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Out of Left FieldJews and Black Baseball$
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Rebecca T. Alpert

Print publication date: 2011

Print ISBN-13: 9780195399004

Published to Oxford Scholarship Online: September 2011

DOI: 10.1093/acprof:oso/9780195399004.001.0001

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Enter Jackie Robinson

Enter Jackie Robinson

Chapter:
(p.158) 6 Enter Jackie Robinson
Source:
Out of Left Field
Author(s):

Rebecca T. Alpert

Publisher:
Oxford University Press
DOI:10.1093/acprof:oso/9780195399004.003.0006

The communist sportswriters continued to agitate for baseball's integration after World War II when Brooklyn Dodger executive Branch Rickey broke the unwritten ban by signing Jackie Robinson. The Daily Worker's role was hidden as Rickey, a staunch anticommunist, sought to erase their contribution. Sensing that integration would mean the end of the Negro Leagues, Abe Saperstein became the premier scout of Negro League talent for the Cleveland Indians and their owner, Bill Veeck. Saperstein and Ed Gottlieb focused their energies on basketball. Only Syd Pollock continued to promote black baseball and its comedy traditions. Jews, especially in Brooklyn, made Jackie Robinson an icon. They believed he exemplified the promise of equality in America, and Robinson himself saw a unique connection between Jews and blacks. But connecting Robinson's pioneering effort to the success of Jewish assimilation obscured the real differences between the fates of blacks and Jews in mid-twentieth-century America.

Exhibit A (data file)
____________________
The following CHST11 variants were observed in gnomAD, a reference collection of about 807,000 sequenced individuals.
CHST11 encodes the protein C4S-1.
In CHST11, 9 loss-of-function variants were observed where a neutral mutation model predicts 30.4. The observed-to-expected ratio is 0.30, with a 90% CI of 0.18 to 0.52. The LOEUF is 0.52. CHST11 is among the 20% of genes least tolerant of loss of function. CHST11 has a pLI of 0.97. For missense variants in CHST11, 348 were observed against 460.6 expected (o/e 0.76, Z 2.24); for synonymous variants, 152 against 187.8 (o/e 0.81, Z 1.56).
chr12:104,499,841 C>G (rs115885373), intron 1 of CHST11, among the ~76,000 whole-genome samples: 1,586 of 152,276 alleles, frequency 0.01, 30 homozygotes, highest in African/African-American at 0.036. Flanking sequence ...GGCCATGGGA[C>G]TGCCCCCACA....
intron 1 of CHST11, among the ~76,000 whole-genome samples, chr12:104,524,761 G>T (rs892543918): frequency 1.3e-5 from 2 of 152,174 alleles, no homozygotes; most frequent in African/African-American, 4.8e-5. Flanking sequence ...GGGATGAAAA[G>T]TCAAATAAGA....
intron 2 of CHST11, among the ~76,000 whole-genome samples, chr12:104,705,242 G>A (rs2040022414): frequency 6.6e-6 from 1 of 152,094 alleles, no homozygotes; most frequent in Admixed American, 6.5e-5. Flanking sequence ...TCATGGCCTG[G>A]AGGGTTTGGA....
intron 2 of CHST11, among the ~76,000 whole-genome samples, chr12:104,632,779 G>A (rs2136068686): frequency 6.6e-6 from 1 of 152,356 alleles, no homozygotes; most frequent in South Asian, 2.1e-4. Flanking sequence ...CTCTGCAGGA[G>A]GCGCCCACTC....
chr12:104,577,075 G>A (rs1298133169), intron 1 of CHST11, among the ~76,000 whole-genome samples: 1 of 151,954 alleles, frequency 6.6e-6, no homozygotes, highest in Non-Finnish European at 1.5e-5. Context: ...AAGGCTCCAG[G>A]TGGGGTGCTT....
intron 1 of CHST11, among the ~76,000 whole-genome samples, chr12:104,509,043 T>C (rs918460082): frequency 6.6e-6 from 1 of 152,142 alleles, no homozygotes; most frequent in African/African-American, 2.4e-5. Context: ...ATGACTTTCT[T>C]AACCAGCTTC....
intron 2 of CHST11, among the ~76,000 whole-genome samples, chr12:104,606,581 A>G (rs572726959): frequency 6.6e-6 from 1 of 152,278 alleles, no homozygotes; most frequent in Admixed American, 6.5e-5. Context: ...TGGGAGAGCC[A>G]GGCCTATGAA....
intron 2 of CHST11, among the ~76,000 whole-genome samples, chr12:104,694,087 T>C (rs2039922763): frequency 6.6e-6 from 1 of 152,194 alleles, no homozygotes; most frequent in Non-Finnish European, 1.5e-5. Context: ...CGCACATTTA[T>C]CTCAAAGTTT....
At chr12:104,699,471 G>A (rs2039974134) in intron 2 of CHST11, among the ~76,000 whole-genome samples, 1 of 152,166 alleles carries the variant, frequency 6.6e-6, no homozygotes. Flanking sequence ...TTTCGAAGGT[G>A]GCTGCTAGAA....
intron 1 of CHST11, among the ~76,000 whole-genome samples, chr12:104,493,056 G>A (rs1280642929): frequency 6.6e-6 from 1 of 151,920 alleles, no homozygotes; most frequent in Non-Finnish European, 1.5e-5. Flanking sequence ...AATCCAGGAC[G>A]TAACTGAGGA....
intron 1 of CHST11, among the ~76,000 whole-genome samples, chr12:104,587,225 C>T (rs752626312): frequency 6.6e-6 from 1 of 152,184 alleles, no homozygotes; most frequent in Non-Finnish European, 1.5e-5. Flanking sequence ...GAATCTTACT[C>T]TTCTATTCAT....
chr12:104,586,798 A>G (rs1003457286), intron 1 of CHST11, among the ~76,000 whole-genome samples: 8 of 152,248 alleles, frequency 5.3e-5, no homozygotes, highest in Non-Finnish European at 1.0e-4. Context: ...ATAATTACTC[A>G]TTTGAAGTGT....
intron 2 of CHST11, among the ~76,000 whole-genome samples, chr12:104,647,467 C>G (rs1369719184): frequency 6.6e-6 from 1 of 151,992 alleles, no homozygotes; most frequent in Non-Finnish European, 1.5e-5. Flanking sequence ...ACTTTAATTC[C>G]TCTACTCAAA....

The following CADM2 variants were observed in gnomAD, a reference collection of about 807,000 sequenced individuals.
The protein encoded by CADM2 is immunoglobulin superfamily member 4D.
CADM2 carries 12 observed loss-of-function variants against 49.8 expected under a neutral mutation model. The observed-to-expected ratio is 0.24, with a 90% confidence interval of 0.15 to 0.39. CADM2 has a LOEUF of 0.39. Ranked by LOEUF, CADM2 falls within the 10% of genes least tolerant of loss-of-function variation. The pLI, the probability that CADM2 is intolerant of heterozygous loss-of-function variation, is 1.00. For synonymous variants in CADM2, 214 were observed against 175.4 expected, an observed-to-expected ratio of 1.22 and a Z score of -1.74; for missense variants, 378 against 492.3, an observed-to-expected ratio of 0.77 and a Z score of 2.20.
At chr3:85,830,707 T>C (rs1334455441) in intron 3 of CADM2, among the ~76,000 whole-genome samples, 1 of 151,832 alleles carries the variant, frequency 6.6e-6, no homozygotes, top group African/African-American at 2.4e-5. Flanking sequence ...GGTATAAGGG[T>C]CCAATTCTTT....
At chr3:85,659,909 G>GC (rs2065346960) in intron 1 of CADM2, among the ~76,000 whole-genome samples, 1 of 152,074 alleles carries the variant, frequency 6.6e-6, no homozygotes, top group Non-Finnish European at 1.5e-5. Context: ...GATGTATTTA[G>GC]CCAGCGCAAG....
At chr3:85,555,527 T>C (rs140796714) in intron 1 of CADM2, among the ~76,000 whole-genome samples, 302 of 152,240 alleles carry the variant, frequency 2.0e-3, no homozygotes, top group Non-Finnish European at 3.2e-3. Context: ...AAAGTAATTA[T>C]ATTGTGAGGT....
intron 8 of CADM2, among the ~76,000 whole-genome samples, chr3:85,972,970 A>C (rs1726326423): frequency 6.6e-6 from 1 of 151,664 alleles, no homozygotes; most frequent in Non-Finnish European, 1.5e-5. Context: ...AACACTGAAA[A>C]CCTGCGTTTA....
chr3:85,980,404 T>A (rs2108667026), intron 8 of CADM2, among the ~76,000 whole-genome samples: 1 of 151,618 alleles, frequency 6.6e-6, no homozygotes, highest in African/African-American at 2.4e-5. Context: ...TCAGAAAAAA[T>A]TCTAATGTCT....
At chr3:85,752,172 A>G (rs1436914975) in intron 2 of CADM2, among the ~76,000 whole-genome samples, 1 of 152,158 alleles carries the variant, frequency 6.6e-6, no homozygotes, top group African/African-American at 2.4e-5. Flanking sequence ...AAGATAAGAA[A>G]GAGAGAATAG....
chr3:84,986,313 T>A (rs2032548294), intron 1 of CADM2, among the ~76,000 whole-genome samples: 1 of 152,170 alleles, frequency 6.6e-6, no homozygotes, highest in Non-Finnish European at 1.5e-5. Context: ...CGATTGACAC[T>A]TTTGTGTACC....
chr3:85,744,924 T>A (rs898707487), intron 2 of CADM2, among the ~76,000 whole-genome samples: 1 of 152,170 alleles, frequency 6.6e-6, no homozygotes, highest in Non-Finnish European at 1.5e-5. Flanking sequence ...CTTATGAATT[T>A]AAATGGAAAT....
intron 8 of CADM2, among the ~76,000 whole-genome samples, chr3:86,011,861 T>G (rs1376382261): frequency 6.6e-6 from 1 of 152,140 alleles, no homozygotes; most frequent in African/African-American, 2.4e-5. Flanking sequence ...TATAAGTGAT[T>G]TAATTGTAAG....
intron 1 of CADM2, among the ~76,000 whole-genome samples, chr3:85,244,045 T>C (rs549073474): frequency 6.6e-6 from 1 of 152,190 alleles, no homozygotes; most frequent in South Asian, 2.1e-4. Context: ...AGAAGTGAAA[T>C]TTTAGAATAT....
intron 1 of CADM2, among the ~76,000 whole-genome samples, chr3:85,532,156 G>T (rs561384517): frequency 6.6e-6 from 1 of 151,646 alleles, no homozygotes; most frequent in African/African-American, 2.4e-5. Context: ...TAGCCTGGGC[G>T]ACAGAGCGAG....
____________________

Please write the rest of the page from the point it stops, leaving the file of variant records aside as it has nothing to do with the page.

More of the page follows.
Keywords:   Brooklyn Dodgers, Branch Rickey, Cleveland Indians, Bill Veeck, Jackie Robinson, Jews and blacks, anticommunism

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